A serial number 1 Series 1902 $10 California national bank note sold for nearly $10,000 at auction.
The note, issued by the National Bank of Orange (California), was sold in a June 1 to 4 auction by Ira and Larry Goldberg Auctioneers for $9,048.
The note, graded Extremely Fine 40 Premium Paper Quality by PCGS Currency, is “the first to appear from this bank and is new to the census,” according to the catalog. The note features pen signatures and has “bright, fully original paper.” Its pre-sale estimate was $10,000 to $15,000.
The National Bank of Orange was established in 1910 and closed in 1927. The bold handwritten signature of William H. Burnham can be clearly seen in the bottom right corner of the face of the note.
Burnham was born in Ellington, Conn., in 1851; worked in a family-owned manufacturing business in Batavia, Ill.; and moved to Orange in 1893.
Burnham became a prominent businessman and was involved in several bank in California from the late 19th century. He was a director of the Commercial Bank in Santa Ana and of the Bank of Orange. He was one of the original organizers of the Orange Savings Bank.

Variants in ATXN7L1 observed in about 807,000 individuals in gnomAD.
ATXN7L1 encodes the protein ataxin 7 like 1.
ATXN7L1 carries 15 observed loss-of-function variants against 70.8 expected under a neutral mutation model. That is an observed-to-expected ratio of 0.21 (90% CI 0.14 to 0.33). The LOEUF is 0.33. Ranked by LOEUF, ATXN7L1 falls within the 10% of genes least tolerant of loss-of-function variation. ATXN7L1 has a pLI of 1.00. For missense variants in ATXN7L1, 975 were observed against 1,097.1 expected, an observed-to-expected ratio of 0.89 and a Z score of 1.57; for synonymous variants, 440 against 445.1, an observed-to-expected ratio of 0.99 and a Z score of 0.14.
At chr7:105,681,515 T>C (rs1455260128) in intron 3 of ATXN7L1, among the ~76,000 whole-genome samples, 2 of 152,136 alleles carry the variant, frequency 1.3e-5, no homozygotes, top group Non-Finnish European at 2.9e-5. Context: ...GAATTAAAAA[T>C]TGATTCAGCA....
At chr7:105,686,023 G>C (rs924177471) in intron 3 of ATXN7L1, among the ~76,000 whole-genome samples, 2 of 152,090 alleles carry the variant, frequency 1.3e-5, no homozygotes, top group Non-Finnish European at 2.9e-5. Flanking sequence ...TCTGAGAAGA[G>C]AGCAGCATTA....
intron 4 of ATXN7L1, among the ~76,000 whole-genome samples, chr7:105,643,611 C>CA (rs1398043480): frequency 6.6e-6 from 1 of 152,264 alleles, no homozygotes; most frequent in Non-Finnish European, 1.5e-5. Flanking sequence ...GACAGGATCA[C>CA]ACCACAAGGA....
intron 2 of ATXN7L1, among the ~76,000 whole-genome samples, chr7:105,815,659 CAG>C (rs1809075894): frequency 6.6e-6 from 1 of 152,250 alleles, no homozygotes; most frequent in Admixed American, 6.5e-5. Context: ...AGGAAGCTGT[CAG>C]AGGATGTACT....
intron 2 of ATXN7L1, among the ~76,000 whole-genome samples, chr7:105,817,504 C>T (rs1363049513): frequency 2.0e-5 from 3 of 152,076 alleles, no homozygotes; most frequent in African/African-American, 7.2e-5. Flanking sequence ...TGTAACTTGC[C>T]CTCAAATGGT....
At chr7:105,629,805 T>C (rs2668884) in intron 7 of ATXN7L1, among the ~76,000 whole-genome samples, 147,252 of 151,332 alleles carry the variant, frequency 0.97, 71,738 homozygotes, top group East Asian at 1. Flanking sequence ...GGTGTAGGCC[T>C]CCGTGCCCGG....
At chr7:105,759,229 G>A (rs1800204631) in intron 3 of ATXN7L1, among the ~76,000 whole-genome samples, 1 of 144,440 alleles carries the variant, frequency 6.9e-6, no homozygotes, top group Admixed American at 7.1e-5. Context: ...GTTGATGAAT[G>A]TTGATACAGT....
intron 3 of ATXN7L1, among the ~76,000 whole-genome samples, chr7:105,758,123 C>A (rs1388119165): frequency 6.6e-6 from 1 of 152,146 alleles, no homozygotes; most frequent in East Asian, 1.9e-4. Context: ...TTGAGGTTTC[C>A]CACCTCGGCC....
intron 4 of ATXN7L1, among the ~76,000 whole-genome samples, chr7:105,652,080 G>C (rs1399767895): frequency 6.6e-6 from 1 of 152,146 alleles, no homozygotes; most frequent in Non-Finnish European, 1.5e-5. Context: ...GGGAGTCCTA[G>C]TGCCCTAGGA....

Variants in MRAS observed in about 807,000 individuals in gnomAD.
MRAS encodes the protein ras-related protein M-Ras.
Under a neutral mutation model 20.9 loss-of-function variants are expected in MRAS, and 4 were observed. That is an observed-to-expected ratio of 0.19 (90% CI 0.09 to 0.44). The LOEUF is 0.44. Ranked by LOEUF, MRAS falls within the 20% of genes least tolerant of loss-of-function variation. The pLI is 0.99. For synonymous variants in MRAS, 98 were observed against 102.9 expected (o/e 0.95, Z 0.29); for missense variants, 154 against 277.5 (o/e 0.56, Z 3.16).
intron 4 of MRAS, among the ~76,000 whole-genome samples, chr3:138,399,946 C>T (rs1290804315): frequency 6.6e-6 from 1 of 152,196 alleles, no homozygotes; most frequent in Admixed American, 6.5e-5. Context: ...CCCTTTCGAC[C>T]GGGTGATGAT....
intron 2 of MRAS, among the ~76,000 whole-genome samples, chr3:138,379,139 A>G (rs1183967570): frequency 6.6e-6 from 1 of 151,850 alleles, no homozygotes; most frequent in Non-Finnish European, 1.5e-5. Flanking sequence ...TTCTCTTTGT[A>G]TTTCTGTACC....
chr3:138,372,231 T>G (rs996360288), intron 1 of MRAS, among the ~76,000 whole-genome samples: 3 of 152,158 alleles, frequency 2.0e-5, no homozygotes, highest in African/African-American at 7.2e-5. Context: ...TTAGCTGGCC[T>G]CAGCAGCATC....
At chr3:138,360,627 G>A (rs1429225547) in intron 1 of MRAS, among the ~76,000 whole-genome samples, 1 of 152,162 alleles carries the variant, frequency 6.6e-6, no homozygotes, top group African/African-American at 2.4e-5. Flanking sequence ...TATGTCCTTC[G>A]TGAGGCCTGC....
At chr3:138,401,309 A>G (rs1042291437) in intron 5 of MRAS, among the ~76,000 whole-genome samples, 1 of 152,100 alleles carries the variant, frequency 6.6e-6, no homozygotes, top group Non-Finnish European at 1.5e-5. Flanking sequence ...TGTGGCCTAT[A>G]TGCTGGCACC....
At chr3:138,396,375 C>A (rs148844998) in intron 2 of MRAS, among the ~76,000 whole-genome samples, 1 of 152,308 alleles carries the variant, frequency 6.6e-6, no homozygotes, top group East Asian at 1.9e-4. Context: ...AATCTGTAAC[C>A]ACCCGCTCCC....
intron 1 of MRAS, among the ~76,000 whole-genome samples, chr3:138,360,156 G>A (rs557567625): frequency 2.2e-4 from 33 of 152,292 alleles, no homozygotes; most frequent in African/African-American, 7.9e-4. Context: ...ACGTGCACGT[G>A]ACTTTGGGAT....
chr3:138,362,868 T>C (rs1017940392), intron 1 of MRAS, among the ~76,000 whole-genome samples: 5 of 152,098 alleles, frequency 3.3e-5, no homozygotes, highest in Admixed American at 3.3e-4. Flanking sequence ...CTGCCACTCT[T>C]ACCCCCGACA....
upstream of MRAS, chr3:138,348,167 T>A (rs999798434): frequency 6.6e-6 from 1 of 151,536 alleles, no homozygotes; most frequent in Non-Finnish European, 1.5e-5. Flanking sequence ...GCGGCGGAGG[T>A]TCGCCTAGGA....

He was also one of the organizers and a director of the Santiago Orange Growers Association. In 1916 at the age of 65, he sold his ranch, where he grew orange and lemon trees, and moved to Los Angeles.
The First National Bank of Monterey, once located in the fabled central California coastline town of Monterey, issued a Series 1929 $20 national bank note that sold in the same auction for $911, following an estimate of $1,000 to $1,250.
The note, one of about 25 known from this bank, was graded by the auction firm as Very Fine.
Arthur G. Metz, one of the founders of the bank, served as cashier. His signature can be seen at the bottom left side of the note face. The bank received its national bank charter in 1903 and continued in business until 1935.